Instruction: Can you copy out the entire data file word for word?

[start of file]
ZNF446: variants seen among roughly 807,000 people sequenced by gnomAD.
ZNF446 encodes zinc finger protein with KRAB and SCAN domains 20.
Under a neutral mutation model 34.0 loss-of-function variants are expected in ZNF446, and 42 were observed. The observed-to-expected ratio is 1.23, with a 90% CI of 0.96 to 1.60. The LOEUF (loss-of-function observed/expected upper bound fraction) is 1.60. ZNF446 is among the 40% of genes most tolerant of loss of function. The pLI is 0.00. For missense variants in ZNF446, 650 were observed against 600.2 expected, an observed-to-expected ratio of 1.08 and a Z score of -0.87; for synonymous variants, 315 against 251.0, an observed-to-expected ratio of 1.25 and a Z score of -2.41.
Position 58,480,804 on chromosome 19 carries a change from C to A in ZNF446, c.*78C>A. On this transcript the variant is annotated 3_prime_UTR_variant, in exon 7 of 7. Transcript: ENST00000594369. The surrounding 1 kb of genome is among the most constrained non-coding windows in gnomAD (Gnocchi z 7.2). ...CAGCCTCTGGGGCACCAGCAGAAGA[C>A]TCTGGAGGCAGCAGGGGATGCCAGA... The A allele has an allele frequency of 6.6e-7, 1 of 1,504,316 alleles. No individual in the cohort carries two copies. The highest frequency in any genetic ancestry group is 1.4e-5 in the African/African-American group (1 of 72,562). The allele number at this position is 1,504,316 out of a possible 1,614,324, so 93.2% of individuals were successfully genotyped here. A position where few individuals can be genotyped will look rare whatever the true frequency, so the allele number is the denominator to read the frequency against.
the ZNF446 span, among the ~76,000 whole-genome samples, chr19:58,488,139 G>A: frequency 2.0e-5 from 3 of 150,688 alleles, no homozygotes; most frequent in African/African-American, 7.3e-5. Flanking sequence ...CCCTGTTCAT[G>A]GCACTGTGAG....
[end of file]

ZNF446: variants seen among roughly 807,000 people sequenced by gnomAD.
ZNF446 encodes zinc finger protein with KRAB and SCAN domains 20.
Under a neutral mutation model 34.0 loss-of-function variants are expected in ZNF446, and 42 were observed. The observed-to-expected ratio is 1.23, with a 90% CI of 0.96 to 1.60. The LOEUF (loss-of-function observed/expected upper bound fraction) is 1.60. ZNF446 is among the 40% of genes most tolerant of loss of function. The pLI is 0.00. For missense variants in ZNF446, 650 were observed against 600.2 expected, an observed-to-expected ratio of 1.08 and a Z score of -0.87; for synonymous variants, 315 against 251.0, an observed-to-expected ratio of 1.25 and a Z score of -2.41.
Position 58,480,804 on chromosome 19 carries a change from C to A in ZNF446, c.*78C>A. On this transcript the variant is annotated 3_prime_UTR_variant, in exon 7 of 7. Transcript: ENST00000594369. The surrounding 1 kb of genome is among the most constrained non-coding windows in gnomAD (Gnocchi z 7.2). ...CAGCCTCTGGGGCACCAGCAGAAGA[C>A]TCTGGAGGCAGCAGGGGATGCCAGA... The A allele has an allele frequency of 6.6e-7, 1 of 1,504,316 alleles. No individual in the cohort carries two copies. The highest frequency in any genetic ancestry group is 1.4e-5 in the African/African-American group (1 of 72,562). The allele number at this position is 1,504,316 out of a possible 1,614,324, so 93.2% of individuals were successfully genotyped here. A position where few individuals can be genotyped will look rare whatever the true frequency, so the allele number is the denominator to read the frequency against.
the ZNF446 span, among the ~76,000 whole-genome samples, chr19:58,488,139 G>A: frequency 2.0e-5 from 3 of 150,688 alleles, no homozygotes; most frequent in African/African-American, 7.3e-5. Flanking sequence ...CCCTGTTCAT[G>A]GCACTGTGAG....